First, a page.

Appointed by the President Bush, the panel's three members are cancer survivor and cycling champion Lance Armstrong; Margaret L. Kripke, Ph.D., chief academic officer at Houston's M.D. Anderson Cancer Center; and panel chairman LaSalle D. Leffall Jr., M.D., professor of surgery at Howard University in Washington.
It's the panel's job to tell the president how the nation's war on cancer is going. According to this year's report, it's not going very well at all.
Research continues to move forward — but thwarting major progress is the unhealthy lifestyles of millions of Americans.
Individual responsibility is important, the panel notes. But the panel finds that cancer prevention efforts "are compromised by federal, state, and local policies that have decreased the availability and affordability of healthy foods, limited physical education in schools," and created an "environment that discourages physical activity."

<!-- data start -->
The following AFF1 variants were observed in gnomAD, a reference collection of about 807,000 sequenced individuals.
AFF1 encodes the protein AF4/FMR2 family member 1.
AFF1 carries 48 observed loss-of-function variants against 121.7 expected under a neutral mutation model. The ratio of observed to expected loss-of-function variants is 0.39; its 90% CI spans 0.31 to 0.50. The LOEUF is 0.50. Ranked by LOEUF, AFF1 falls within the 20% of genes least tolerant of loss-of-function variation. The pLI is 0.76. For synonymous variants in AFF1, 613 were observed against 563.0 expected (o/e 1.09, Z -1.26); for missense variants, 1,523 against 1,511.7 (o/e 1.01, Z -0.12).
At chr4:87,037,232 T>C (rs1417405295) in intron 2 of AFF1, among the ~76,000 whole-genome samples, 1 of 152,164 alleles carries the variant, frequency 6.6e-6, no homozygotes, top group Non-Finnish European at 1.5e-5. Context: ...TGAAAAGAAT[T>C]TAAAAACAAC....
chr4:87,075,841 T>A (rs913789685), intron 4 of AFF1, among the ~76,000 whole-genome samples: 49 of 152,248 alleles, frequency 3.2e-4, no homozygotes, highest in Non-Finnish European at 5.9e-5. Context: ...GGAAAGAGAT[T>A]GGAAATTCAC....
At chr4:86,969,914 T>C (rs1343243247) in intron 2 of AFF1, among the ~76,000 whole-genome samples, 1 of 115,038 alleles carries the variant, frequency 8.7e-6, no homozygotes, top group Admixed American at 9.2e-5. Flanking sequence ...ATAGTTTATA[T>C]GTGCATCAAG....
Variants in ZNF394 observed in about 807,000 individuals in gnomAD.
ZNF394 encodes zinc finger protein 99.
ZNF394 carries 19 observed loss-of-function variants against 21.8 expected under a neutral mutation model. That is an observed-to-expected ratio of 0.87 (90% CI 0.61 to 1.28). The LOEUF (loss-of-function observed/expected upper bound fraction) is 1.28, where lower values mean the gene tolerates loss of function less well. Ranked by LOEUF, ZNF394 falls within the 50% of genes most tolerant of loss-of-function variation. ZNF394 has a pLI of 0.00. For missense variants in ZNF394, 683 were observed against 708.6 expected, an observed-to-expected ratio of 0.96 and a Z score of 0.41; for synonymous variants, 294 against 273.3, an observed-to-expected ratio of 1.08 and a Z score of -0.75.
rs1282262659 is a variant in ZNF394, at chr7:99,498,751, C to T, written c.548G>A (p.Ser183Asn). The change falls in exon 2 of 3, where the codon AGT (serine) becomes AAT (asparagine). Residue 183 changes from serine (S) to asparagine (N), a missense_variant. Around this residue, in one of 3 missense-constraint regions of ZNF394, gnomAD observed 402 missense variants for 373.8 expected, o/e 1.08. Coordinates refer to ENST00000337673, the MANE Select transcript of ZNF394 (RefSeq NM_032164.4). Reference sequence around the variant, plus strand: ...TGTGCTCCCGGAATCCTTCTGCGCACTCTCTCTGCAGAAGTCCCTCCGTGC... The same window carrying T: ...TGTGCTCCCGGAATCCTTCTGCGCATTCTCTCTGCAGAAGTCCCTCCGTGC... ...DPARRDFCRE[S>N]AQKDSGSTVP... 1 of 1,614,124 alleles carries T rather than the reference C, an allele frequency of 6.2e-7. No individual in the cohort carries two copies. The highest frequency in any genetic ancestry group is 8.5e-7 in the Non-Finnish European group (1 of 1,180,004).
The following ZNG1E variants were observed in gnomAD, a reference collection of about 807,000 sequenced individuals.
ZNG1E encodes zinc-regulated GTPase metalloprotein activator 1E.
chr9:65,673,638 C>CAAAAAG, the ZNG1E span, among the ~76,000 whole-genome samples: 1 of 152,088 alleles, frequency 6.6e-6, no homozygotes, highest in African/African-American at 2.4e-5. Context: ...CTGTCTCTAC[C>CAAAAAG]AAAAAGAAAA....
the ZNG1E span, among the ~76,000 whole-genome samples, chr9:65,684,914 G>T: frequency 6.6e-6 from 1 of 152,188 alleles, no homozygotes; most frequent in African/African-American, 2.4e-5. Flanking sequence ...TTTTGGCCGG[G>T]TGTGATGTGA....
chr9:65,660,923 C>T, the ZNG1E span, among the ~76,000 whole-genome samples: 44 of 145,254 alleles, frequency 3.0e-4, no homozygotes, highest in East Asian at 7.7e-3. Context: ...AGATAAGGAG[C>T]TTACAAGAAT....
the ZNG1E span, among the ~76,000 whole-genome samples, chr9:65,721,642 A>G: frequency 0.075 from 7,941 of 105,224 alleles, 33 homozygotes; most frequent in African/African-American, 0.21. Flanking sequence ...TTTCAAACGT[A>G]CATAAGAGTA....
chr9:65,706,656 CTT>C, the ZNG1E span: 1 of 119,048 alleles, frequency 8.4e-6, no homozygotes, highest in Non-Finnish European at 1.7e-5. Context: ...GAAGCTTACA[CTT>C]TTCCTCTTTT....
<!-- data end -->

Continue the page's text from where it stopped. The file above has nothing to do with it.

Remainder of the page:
Perhaps even more importantly, the panel says, are "ineffective policies" that fail to regulate the marketing practices of "disease vectors" — the tobacco, food, and beverage industries.
Mincing no words, the panel report singles out the tobacco industry as "a vector of disease and death that can no more be ignored in seeking solutions to the tobacco problem than mosquitoes can be ignored in seeking to eradicate malaria."
Among the panel's recommendations:
"Individuals can only adopt healthy lifestyles if they have the resources and opportunities to do so," the panel argues in a letter to the president. "We can and must empower individuals to make healthy choices through appropriate policy and legislation, and the panel urges you to use the power of your office toward this lifesaving goal."
By Daniel DeNoon
Reviewed by Louise Chang, M.D.
©2007 WebMD, Inc. All rights reserved